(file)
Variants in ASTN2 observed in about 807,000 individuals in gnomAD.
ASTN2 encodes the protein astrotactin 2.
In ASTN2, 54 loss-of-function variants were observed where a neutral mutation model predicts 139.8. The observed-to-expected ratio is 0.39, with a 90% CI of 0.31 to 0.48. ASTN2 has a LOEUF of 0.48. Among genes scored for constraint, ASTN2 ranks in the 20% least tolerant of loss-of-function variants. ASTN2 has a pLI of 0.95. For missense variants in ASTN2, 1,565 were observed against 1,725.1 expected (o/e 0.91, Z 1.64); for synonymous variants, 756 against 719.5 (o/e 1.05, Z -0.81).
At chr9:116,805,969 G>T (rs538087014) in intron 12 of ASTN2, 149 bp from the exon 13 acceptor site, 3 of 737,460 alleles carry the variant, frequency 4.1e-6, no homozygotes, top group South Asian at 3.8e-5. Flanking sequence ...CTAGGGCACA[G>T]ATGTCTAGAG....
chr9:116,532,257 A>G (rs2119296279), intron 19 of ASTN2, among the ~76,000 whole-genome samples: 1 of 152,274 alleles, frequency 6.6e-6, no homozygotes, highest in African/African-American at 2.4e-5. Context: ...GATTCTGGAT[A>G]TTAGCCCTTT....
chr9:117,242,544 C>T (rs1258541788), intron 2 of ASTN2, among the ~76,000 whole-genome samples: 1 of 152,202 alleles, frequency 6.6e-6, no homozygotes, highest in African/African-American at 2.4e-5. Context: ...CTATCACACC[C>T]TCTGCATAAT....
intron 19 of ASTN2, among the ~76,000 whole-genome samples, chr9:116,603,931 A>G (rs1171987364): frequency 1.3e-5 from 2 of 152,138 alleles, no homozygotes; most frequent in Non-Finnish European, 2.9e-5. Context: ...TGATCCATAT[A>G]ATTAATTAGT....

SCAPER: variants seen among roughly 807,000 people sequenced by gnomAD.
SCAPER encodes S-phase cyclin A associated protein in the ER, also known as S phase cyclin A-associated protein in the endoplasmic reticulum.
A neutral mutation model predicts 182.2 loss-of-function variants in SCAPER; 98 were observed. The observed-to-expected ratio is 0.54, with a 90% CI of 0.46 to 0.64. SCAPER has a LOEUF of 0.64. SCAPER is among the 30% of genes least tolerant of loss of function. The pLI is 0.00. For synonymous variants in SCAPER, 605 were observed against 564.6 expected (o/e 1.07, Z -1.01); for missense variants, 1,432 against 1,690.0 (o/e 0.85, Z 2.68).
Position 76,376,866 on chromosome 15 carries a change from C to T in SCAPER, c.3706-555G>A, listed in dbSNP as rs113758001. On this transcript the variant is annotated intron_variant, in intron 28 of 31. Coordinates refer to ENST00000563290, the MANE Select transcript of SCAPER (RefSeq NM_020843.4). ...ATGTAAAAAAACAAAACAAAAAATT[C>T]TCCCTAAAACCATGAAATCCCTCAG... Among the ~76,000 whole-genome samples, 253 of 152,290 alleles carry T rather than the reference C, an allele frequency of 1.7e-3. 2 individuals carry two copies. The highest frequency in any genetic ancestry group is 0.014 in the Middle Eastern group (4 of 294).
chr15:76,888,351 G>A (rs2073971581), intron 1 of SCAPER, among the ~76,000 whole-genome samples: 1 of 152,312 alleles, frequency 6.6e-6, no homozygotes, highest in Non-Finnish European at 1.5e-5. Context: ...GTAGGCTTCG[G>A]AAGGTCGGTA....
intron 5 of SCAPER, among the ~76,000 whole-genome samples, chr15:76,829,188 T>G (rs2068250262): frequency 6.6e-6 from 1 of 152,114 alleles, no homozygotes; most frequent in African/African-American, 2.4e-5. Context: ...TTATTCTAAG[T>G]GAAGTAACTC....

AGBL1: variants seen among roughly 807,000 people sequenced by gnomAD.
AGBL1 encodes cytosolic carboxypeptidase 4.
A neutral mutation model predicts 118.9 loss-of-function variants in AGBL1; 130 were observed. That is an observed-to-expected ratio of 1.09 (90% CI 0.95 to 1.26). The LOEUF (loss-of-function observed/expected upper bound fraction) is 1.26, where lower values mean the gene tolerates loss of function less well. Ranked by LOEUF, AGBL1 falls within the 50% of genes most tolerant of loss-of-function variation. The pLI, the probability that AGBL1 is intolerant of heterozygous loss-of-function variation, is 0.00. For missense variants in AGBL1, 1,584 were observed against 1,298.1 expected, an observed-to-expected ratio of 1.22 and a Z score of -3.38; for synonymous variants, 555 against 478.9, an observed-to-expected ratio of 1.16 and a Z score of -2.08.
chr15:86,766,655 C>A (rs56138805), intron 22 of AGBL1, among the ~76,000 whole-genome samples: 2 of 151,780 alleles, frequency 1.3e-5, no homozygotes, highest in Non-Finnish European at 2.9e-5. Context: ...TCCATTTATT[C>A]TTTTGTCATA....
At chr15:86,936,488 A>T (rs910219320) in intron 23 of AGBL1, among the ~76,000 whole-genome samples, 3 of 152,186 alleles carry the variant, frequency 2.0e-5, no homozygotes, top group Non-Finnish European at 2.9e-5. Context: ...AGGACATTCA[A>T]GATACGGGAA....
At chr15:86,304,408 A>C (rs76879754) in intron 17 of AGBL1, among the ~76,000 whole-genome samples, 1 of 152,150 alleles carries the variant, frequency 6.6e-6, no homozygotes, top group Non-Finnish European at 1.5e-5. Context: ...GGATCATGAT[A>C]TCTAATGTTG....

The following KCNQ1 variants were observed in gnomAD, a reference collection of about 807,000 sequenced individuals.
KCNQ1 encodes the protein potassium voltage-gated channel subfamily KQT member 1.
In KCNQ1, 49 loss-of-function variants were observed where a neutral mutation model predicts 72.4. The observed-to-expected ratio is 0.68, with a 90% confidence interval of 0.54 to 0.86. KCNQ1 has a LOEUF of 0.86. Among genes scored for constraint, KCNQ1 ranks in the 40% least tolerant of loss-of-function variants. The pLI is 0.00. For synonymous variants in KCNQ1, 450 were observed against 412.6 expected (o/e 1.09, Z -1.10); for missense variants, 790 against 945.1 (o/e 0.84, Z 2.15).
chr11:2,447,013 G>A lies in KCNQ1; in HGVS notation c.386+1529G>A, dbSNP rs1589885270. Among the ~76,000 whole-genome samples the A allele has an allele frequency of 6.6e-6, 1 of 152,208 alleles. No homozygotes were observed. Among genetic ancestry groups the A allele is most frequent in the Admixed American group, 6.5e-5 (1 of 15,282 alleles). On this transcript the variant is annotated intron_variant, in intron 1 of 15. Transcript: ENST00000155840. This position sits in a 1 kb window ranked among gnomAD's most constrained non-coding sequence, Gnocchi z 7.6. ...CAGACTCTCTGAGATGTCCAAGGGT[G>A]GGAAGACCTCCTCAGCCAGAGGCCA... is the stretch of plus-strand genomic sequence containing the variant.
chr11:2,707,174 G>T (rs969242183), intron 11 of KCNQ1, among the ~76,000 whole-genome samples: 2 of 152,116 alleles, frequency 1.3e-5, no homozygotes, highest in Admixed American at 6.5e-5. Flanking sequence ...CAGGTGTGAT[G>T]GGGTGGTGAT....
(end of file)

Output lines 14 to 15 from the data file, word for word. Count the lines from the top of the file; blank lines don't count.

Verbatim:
AGBL1: variants seen among roughly 807,000 people sequenced by gnomAD.
AGBL1 encodes cytosolic carboxypeptidase 4.